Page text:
Britton hasn't gotten back to these correspondents either. (And he didn't return our calls.) Recently the entire Sun-Times newsroom staff was put through sensitivity training. It could be he reasons that when hearts are so pure there's no need to deal with appearances.
Gay Grief on the Obit Pages
A friend wrote asking us to compare two obituaries. The first appeared in the New York Times and began:
"James A. Goode, an author and the editor of several major national magazines, died Sunday at St. Joseph's Hospital in Burbank, Calif. He was 68 and lived in Los Angeles.
"He died of a heart attack, said Harry W. Carey, his companion."
Carey was later named as a survivor, along with Goode's mother and brother.
A version of the same obit, taken from the Times news wire, was carried two days later by the Chicago Tribune. It began: "LOS ANGELES--James A. Goode, an author and a top editor of several major national magazines, has died at age 68." It concluded: "Survivors include his mother, Mary, and brother, Damon." Harry W. Carey went unmentioned.
The elision is uncharacteristic of the Tribune. Head obit writer Kenan Heise, who had nothing to do with it, tells us that for the last decade--that is, pretty much throughout the era of AIDS--he has tried to acknowledge intimate mourners who were related to the deceased by neither blood nor marriage. "If somebody called in the obituary and indicated the person was gay, I went out of my way to find the person who was the companion and work it in one way or another." Heise could accomplish this by allowing the "long-time friend" to comment on the subject's life or career.
"I think the significant move was to put them in as survivors," Heise went on. The Tribune made this policy change about three years ago.
And sure enough, the same day our friend's letter arrived, someone else sent us copies of three obits of Gregory Markopoulos, an avant-garde Chicago filmmaker of the 1960s. The Tribune's obit, written by Heise, concluded, "Survivors include his companion, Robert Beavers." The Sun-Times wrote, "He leaves no immediate survivors and no services were held." And the New York Times reported, "There are no survivors."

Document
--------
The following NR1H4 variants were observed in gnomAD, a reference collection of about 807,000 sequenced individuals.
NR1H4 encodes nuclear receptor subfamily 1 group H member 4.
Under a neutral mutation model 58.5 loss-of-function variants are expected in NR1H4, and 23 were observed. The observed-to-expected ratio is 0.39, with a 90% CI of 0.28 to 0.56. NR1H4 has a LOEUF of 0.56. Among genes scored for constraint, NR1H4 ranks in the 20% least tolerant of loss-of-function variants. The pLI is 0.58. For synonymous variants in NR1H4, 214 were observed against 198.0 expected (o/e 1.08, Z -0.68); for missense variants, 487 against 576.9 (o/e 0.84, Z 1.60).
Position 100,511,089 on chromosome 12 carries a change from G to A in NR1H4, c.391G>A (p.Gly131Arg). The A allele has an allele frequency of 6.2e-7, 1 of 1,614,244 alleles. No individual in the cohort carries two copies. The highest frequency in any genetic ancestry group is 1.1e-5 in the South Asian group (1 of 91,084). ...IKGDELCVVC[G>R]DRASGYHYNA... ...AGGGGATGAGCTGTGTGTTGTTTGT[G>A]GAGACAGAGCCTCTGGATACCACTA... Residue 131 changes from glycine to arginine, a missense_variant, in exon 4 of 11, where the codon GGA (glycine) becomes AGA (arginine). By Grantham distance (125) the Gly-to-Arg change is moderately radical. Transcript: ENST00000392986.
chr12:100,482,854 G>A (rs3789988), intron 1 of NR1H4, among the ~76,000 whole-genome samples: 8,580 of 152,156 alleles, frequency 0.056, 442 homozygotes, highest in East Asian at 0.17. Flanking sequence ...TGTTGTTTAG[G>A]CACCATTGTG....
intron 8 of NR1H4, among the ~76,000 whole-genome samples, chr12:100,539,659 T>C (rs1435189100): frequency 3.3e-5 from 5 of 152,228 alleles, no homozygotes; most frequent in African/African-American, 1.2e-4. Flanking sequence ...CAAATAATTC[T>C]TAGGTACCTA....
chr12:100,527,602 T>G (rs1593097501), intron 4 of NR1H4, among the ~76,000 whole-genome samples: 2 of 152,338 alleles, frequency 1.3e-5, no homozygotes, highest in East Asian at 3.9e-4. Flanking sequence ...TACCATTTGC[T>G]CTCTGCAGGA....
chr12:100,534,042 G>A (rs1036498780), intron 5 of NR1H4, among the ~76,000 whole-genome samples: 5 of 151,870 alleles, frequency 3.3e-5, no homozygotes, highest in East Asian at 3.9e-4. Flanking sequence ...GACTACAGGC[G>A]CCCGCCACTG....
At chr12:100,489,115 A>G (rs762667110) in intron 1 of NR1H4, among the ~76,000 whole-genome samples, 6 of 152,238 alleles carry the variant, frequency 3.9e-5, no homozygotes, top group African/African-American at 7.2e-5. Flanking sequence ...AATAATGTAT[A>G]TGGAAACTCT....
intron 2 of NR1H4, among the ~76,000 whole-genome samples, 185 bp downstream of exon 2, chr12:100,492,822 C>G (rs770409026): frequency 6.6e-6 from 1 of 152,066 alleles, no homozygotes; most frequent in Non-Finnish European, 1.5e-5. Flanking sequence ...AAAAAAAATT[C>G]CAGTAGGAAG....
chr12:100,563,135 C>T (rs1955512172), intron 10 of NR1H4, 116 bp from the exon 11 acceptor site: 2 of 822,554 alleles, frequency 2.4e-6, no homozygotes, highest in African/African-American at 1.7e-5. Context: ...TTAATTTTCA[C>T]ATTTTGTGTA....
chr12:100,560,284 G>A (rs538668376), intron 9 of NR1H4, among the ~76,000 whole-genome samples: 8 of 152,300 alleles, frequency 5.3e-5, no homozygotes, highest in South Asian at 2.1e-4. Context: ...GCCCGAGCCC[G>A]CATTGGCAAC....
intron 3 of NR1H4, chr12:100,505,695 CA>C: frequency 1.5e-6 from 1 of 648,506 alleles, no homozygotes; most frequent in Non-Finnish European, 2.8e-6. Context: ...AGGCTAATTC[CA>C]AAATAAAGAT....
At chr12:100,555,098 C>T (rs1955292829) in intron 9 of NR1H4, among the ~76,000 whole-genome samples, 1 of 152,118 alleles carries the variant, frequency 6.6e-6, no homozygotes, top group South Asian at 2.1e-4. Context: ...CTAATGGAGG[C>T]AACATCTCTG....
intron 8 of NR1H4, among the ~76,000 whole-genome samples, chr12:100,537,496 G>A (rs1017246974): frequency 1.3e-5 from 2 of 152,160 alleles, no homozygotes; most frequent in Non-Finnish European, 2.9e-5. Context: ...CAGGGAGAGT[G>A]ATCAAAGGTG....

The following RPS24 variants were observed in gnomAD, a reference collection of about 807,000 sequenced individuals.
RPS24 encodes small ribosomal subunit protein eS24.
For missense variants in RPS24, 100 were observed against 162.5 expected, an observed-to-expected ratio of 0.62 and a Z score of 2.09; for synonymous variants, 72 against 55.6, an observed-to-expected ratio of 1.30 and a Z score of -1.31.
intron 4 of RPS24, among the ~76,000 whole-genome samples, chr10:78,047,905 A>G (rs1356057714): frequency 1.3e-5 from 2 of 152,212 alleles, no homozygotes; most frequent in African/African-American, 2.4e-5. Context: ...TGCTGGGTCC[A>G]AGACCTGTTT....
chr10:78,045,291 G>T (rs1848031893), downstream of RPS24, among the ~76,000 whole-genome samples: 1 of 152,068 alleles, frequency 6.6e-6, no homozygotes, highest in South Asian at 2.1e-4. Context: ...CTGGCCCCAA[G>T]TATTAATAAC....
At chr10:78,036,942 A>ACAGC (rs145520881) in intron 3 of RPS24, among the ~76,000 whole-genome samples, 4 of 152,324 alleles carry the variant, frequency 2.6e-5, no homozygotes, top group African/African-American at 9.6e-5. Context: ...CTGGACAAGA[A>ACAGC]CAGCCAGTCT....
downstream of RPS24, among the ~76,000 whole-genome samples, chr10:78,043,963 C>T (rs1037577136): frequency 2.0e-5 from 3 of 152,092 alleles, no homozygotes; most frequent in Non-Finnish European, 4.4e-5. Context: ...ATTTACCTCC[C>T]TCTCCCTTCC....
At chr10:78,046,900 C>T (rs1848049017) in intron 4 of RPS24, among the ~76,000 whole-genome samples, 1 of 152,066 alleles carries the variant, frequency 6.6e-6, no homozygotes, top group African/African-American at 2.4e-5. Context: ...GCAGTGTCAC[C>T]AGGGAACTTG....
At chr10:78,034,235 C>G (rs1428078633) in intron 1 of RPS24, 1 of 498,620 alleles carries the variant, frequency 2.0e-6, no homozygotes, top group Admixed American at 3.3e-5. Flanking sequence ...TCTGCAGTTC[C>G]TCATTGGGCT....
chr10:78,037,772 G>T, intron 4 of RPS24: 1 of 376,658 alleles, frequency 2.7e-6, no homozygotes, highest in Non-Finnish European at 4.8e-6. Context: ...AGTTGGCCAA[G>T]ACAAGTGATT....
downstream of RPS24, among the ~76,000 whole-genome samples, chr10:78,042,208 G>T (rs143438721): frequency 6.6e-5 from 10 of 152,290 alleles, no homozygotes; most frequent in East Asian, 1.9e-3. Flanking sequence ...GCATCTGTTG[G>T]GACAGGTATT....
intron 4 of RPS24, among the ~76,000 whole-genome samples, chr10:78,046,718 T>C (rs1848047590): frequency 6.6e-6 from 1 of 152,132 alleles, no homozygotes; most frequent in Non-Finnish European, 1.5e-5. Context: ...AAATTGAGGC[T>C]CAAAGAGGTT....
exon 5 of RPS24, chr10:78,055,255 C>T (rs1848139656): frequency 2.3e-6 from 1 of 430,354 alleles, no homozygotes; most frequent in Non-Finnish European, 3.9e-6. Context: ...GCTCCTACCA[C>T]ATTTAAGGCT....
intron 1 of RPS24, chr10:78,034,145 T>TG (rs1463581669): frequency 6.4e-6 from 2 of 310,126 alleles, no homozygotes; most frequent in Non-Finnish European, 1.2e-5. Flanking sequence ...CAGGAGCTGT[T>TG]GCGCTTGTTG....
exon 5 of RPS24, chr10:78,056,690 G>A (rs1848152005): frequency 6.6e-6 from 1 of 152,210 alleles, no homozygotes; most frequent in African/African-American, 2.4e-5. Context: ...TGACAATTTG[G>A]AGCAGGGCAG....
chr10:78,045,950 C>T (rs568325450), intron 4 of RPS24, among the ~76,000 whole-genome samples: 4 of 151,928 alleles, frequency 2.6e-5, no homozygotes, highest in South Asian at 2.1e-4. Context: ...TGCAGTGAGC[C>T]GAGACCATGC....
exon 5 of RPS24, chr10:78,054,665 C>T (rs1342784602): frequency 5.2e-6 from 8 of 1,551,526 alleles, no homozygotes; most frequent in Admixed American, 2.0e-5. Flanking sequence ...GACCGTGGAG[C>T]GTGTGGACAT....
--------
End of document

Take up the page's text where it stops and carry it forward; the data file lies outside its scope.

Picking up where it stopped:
Our correspondent commented, "The Sun-Times apparently doesn't print the names of same-sex companions, but even their 'no immediate survivors' is better than the NYTimes's error. There are almost always 'survivors,' and Markopoulos left many--I hardly knew him well, but his films changed my life."
Charles McWhinnie, the Sun-Times's head obit writer, says his paper limits survivors to the immediate family. "I was told a companion is not the immediate family."
So does the Tribune deserve points for human decency? No. A couple of weeks ago a Highland Park resident named Charles Asher lost his wife Jane to cancer. He wrote a death notice--a paid ad submitted to the classified department--in which he tried to celebrate Jane Asher by honoring her as his "lover and wife." The Sun-Times published the ad as he wrote it, but the Tribune changed "lover" to "partner."
Asher was furious. "I was going to go through the Tribune and pick out the words of sex and hate and starvation and say, "I don't mind those words, but why is it this you take exception to?"'
The reason is policy. "Lover" is too charged a word for the Tribune to handle.
"Right now, with the way things are," an ad salesman explained, "if we allow heterosexuals to do it, we have to allow gays to do it. And we do not permit it."
Sniping From the Tower
Maybe we heard one radio ad too many defending the Tribune's price increase. At any rate, they began to sound like backhanded compliments to the paper's talent. As in--we've got Bob Verdi, and he's worth 15 cents.
Verdi's the centerpiece of the ad celebrating the Tribune's sports section and ridiculing the opposition. But the Tribune didn't stop there. Last week's KidNews carried a feature called "Hottest & Nottest." Guess which column "attitude" led off?
"Attitude: Shoes with attitude, bands with attitude, kids with attitude--enough already! Just be yourself."
Writer Brenda Herrmann cooked up this gibe without help from the marketing department. "We definitely did mean [the Sun-Times], but we were trying to be subtle," she told us. "We had some jabs at ourselves, but they got cut for space. We had "Dear Abby' on the not list."
Art accompanying story in printed newspaper (not available in this archive): photo/Bruce Powell.